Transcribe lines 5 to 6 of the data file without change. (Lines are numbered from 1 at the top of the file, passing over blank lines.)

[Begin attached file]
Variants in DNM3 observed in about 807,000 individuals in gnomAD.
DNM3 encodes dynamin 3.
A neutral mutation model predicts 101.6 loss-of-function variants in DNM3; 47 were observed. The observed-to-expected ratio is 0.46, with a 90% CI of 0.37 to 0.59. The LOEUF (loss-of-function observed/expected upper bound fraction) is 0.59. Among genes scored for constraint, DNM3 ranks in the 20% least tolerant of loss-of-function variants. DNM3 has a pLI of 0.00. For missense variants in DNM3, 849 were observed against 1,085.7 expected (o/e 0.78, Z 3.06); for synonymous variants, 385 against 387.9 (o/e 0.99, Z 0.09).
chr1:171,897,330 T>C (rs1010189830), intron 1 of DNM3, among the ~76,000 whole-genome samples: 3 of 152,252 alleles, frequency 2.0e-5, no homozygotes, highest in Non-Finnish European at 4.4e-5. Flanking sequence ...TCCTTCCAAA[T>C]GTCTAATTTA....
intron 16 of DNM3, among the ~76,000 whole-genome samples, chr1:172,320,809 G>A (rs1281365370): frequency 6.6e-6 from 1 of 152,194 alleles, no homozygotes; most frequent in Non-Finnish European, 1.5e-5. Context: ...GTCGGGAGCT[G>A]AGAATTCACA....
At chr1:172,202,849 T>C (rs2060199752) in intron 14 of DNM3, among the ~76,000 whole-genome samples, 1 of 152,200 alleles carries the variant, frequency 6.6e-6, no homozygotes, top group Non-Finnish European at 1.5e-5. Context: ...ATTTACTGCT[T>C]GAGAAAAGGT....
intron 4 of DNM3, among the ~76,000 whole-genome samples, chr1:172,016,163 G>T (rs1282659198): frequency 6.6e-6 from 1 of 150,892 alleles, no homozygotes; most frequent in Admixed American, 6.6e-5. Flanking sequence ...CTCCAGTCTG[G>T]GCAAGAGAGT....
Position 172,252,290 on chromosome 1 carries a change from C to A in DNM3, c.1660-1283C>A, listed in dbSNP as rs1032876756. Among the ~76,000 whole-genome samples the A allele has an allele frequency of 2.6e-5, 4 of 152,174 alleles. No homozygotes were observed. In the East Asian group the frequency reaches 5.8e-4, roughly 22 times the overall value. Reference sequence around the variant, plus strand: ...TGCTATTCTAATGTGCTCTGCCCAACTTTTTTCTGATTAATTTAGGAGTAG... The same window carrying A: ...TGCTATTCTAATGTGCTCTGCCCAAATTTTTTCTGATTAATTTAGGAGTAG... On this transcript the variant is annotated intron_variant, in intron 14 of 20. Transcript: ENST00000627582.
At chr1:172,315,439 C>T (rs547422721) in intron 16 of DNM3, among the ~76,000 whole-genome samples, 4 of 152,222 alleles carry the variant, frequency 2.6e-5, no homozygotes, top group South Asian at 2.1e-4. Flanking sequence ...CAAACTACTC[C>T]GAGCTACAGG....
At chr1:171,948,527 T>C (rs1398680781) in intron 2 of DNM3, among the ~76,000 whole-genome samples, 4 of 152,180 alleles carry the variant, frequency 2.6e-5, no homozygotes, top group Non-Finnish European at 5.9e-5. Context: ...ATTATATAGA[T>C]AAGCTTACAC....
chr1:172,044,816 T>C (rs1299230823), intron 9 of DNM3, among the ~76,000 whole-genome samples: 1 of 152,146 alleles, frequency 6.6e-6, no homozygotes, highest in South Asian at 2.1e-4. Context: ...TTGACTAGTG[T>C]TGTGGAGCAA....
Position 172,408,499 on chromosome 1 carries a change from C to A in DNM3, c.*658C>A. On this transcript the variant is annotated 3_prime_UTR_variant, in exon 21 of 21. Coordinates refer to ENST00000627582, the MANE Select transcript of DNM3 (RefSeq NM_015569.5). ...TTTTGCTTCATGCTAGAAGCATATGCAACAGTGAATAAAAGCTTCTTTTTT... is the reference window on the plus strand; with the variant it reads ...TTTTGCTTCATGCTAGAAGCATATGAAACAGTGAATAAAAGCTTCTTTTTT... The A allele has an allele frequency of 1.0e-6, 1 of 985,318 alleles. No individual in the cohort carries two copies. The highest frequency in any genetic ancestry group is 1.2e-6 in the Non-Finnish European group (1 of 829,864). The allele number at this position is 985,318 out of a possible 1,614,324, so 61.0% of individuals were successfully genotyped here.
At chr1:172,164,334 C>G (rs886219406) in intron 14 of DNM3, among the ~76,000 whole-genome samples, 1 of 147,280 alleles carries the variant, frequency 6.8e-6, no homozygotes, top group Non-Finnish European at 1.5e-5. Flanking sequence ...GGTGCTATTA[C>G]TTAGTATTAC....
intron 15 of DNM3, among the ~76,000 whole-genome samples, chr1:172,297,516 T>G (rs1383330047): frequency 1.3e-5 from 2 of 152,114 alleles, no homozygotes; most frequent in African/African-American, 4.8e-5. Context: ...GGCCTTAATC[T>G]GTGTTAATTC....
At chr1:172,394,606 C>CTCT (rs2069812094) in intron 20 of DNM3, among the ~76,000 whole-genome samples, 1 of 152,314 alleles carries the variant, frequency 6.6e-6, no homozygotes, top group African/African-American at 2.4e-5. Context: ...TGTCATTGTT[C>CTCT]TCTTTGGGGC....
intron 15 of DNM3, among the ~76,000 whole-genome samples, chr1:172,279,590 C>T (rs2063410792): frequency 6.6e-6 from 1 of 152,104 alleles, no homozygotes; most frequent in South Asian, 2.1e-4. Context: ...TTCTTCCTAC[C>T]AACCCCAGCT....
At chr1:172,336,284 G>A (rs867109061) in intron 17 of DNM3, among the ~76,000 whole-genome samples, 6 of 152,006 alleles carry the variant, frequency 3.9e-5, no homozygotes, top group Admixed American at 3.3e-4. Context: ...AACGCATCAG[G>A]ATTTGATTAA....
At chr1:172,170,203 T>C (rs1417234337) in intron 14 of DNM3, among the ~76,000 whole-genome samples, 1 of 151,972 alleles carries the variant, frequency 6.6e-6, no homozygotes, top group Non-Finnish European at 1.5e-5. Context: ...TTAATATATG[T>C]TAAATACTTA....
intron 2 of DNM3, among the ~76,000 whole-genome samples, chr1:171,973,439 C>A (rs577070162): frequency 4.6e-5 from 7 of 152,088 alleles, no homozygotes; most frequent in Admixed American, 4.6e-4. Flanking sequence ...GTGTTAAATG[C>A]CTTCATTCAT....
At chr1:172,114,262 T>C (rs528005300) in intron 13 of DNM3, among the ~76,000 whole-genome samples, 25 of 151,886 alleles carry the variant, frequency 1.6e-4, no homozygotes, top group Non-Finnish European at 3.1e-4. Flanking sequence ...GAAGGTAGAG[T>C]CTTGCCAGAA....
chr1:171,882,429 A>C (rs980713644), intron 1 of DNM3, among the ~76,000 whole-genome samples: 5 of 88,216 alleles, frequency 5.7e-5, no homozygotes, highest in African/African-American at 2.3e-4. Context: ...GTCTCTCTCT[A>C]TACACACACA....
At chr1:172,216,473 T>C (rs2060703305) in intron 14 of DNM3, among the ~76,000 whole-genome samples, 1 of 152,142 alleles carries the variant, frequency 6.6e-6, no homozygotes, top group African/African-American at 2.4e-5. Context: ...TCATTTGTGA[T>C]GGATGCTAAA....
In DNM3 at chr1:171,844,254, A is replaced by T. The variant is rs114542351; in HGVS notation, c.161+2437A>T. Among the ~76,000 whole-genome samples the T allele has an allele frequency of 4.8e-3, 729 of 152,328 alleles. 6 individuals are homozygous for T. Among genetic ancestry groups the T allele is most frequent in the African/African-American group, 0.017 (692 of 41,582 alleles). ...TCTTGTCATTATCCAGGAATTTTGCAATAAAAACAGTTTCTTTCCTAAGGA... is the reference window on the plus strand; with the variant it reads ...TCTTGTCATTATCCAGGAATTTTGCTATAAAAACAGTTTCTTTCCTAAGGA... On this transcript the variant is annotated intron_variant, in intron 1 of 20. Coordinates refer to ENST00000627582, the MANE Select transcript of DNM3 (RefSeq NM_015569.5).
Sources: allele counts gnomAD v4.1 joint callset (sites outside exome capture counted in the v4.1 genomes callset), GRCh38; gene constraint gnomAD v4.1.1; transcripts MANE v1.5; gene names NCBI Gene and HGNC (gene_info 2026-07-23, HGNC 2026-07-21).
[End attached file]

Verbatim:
intron 16 of DNM3, among the ~76,000 whole-genome samples, chr1:172,320,809 G>A (rs1281365370): frequency 6.6e-6 from 1 of 152,194 alleles, no homozygotes; most frequent in Non-Finnish European, 1.5e-5. Context: ...GTCGGGAGCT[G>A]AGAATTCACA....
At chr1:172,202,849 T>C (rs2060199752) in intron 14 of DNM3, among the ~76,000 whole-genome samples, 1 of 152,200 alleles carries the variant, frequency 6.6e-6, no homozygotes, top group Non-Finnish European at 1.5e-5. Context: ...ATTTACTGCT[T>C]GAGAAAAGGT....